Some statistical literature will include overall significance level and type II error risk as part of the report's analysis. For example, a 2021 meta-analysis of exosome in the treatment of spinal cord injury recorded an overall significance level of 0.05 and a type II error risk of 0.1.

## Example of a Type II Error

Assume a biotechnology company wants to compare how effective two of its drugs are for treating diabetes. The null hypothesis states the two medications are equally effective. A null hypothesis, H0, is the claim that the company hopes to reject using the one-tailed test. The alternative hypothesis, Ha, states the two drugs are not equally effective. The alternative hypothesis, Ha, is the state of nature that is supported by rejecting the null hypothesis.

The biotech company implements a large clinical trial of 3,000 patients with diabetes to compare the treatments. The company randomly divides the 3,000 patients into two equally sized groups, giving one group one of the treatments and the other group the other treatment. It selects a significance level of 0.05, which indicates it is willing to accept a 5% chance it may reject the null hypothesis when it is true or a 5% chance of committing a type I error.

Assume the beta is calculated to be 0.025, or 2.5%. Therefore, the probability of committing a type II error is 97.5%. If the two medications are not equal, the null hypothesis should be rejected. However, if the biotech company does not reject the null hypothesis when the drugs are not equally effective, a type II error occurs.

## What Is the Difference Between Type I and Type II Errors?

A type I error occurs if a null hypothesis is rejected that is actually true in the population. This type of error is representative of a false positive. Alternatively, a type II error occurs if a null hypothesis is not rejected that is actually false in the population. This type of error is representative of a false negative.

## What Causes Type II Errors?

A type II error is commonly caused if the statistical power of a test is too low. The highest the statistical power, the greater the chance of avoiding an error. It's often recommended that the statistical power should be set to at least 80% prior to conducting any testing.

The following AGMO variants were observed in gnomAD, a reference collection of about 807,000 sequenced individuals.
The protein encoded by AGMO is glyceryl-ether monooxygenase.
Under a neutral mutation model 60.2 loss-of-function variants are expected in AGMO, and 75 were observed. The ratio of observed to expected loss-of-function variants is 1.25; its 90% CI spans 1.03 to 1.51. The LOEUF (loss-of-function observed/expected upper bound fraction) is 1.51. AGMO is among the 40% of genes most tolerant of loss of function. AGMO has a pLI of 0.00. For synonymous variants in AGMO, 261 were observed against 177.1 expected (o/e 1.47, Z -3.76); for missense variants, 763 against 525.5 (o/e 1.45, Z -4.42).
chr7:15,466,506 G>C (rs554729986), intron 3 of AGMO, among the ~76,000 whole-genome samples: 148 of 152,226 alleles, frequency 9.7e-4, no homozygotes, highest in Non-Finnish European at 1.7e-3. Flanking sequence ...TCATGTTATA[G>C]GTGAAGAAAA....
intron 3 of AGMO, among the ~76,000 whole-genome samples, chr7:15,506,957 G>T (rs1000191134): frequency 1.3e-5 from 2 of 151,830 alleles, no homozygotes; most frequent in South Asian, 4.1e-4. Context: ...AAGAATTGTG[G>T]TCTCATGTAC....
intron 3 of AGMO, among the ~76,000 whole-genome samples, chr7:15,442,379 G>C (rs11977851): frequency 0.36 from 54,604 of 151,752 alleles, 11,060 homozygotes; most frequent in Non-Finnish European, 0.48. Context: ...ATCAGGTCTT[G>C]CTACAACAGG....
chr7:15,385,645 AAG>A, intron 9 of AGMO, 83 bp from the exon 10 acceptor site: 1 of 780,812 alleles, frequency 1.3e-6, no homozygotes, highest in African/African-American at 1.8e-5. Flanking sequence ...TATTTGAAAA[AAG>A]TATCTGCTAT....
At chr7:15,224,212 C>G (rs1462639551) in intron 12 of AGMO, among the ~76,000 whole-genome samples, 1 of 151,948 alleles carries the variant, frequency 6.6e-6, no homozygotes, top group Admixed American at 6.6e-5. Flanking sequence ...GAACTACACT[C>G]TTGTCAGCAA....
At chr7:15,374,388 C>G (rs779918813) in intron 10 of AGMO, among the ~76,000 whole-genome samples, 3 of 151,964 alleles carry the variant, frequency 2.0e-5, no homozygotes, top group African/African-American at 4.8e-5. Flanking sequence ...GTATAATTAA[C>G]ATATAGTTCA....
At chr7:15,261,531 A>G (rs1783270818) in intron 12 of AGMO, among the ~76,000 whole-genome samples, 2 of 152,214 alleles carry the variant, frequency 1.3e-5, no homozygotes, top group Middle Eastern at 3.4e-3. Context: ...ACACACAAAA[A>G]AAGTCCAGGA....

## What Factors Influence the Magnitude of Risk for Type II Errors?

As the sample size of the research increases, the magnitude of risk for type II errors should decrease. As the true population effect size increases, the type II error should also decrease. Last, the pre-set alpha level set by the research influences the magnitude of risk. As the alpha level set decreases, the risk of a type II error increases.

## How Can a Type II Error Be Minimized?

It is not possible to fully prevent committing a Type II error; but, the risk can be minimized by increasing the sample size. However, doing so will also increase the risk of committing a Type I error instead.

## The Bottom Line

In statistics, a Type II error results in a false negative - meaning that there is a finding but it has been missed in the analysis (or that the null hypothesis is not rejected when it ought to have been). A Type II error can occur if there is not enough power in statistical tests, often resulting from sample sizes that are too small. Increasing the sample size can help reduce the chances of committing a Type II error. Type II errors can be contrasted with Type I errors, which are false positives.